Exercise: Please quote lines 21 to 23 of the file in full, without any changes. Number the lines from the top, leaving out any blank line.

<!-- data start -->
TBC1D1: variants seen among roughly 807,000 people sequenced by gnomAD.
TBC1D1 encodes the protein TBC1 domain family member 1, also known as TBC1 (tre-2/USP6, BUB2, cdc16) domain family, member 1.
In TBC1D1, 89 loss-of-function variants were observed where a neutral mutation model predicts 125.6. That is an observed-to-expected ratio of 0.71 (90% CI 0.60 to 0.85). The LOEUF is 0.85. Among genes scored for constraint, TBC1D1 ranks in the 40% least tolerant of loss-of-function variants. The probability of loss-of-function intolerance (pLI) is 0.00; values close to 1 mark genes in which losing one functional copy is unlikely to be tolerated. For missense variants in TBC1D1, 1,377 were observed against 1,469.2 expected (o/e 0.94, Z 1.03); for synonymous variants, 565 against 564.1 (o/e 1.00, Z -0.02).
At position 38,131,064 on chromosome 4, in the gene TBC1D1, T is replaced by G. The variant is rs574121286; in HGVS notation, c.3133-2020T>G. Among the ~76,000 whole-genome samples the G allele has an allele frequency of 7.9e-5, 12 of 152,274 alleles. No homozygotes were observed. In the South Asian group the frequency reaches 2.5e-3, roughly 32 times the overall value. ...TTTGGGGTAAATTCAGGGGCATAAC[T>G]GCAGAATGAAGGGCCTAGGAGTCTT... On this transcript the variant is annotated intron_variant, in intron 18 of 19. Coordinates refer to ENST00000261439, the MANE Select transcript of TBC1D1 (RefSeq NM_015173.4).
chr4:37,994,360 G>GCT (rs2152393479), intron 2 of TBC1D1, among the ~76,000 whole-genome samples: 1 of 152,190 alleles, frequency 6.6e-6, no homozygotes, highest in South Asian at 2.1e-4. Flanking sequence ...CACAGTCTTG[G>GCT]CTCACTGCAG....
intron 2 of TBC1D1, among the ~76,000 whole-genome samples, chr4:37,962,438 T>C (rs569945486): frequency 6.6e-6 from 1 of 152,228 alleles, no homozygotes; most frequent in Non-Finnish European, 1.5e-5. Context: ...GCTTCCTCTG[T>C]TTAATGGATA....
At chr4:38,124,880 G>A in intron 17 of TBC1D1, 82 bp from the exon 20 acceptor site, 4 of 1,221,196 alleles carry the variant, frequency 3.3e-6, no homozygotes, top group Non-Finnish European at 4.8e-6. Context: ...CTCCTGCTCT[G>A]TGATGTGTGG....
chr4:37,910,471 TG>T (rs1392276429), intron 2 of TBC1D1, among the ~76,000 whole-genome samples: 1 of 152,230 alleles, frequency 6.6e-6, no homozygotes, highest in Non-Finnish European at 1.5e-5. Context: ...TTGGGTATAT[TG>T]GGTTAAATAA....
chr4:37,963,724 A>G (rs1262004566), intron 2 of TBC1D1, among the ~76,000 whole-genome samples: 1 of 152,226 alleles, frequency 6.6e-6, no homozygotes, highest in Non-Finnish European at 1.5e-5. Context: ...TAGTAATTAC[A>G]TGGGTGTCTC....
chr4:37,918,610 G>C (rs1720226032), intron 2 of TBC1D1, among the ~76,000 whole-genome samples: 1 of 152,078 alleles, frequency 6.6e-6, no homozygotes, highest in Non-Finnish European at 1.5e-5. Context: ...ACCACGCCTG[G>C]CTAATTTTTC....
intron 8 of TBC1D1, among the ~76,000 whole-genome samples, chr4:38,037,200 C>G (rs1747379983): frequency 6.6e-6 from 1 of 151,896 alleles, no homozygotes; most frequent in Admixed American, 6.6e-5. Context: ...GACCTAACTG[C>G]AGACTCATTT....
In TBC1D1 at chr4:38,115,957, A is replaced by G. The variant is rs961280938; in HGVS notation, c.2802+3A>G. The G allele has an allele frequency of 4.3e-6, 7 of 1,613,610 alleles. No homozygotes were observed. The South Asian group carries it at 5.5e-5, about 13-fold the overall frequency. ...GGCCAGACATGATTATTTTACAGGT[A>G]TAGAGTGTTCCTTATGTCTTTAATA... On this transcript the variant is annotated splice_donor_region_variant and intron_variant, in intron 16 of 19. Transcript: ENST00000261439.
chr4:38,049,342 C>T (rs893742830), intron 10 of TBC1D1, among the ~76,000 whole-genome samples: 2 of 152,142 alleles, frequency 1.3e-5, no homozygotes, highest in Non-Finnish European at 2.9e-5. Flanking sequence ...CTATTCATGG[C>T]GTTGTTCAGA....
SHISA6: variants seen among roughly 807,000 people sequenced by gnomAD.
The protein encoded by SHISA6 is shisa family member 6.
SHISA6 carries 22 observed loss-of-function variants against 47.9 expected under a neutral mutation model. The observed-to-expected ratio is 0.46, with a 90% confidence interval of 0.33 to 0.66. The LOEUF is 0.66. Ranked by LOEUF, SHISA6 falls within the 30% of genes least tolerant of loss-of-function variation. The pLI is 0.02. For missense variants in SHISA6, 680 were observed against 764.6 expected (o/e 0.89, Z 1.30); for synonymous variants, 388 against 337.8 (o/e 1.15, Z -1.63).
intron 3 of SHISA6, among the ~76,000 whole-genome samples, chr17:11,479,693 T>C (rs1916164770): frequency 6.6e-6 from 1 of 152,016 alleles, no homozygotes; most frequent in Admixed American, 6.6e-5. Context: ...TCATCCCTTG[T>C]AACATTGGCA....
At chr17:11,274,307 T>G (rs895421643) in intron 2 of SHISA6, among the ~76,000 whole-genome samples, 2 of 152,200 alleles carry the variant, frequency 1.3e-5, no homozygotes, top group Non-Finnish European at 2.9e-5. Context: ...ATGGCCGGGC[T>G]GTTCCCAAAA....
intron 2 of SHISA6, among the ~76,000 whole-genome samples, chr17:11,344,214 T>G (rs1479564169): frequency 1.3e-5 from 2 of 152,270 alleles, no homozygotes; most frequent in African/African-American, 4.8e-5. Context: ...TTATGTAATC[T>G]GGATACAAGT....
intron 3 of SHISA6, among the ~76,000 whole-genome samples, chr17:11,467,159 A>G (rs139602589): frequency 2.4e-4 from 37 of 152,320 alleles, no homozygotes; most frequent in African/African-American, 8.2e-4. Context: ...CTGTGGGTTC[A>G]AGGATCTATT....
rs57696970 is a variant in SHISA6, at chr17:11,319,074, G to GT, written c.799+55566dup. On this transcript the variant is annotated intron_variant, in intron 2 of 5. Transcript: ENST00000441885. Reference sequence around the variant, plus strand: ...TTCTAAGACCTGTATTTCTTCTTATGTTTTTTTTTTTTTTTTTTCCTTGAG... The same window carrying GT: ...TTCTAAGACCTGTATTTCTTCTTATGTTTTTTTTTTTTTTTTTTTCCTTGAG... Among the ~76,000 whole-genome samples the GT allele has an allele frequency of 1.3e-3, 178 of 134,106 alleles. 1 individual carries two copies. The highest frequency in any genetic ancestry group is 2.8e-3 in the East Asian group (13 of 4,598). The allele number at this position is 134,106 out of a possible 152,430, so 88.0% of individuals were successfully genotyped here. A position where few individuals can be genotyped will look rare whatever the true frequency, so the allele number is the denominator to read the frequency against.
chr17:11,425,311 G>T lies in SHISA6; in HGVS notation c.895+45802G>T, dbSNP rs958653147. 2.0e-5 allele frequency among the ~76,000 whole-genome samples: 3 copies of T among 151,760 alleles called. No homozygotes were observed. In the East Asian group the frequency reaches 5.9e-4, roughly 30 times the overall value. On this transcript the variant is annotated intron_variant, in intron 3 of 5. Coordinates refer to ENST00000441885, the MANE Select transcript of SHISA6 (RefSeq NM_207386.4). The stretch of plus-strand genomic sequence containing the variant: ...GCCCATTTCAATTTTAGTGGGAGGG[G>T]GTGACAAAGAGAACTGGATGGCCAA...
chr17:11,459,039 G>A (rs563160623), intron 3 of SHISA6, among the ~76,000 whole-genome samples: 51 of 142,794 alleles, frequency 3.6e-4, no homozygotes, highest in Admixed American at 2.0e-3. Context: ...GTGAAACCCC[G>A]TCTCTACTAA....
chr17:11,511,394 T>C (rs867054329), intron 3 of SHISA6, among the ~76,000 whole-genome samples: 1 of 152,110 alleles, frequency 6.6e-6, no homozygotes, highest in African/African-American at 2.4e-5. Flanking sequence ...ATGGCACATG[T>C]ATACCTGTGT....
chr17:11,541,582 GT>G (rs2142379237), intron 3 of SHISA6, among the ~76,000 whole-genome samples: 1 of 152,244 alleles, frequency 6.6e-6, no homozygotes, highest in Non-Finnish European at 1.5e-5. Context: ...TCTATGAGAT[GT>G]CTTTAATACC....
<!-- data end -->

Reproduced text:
rs57696970 is a variant in SHISA6, at chr17:11,319,074, G to GT, written c.799+55566dup. On this transcript the variant is annotated intron_variant, in intron 2 of 5. Transcript: ENST00000441885. Reference sequence around the variant, plus strand: ...TTCTAAGACCTGTATTTCTTCTTATGTTTTTTTTTTTTTTTTTTCCTTGAG... The same window carrying GT: ...TTCTAAGACCTGTATTTCTTCTTATGTTTTTTTTTTTTTTTTTTTCCTTGAG... Among the ~76,000 whole-genome samples the GT allele has an allele frequency of 1.3e-3, 178 of 134,106 alleles. 1 individual carries two copies. The highest frequency in any genetic ancestry group is 2.8e-3 in the East Asian group (13 of 4,598). The allele number at this position is 134,106 out of a possible 152,430, so 88.0% of individuals were successfully genotyped here. A position where few individuals can be genotyped will look rare whatever the true frequency, so the allele number is the denominator to read the frequency against.
chr17:11,425,311 G>T lies in SHISA6; in HGVS notation c.895+45802G>T, dbSNP rs958653147. 2.0e-5 allele frequency among the ~76,000 whole-genome samples: 3 copies of T among 151,760 alleles called. No homozygotes were observed. In the East Asian group the frequency reaches 5.9e-4, roughly 30 times the overall value. On this transcript the variant is annotated intron_variant, in intron 3 of 5. Coordinates refer to ENST00000441885, the MANE Select transcript of SHISA6 (RefSeq NM_207386.4). The stretch of plus-strand genomic sequence containing the variant: ...GCCCATTTCAATTTTAGTGGGAGGG[G>T]GTGACAAAGAGAACTGGATGGCCAA...
chr17:11,459,039 G>A (rs563160623), intron 3 of SHISA6, among the ~76,000 whole-genome samples: 51 of 142,794 alleles, frequency 3.6e-4, no homozygotes, highest in Admixed American at 2.0e-3. Context: ...GTGAAACCCC[G>A]TCTCTACTAA....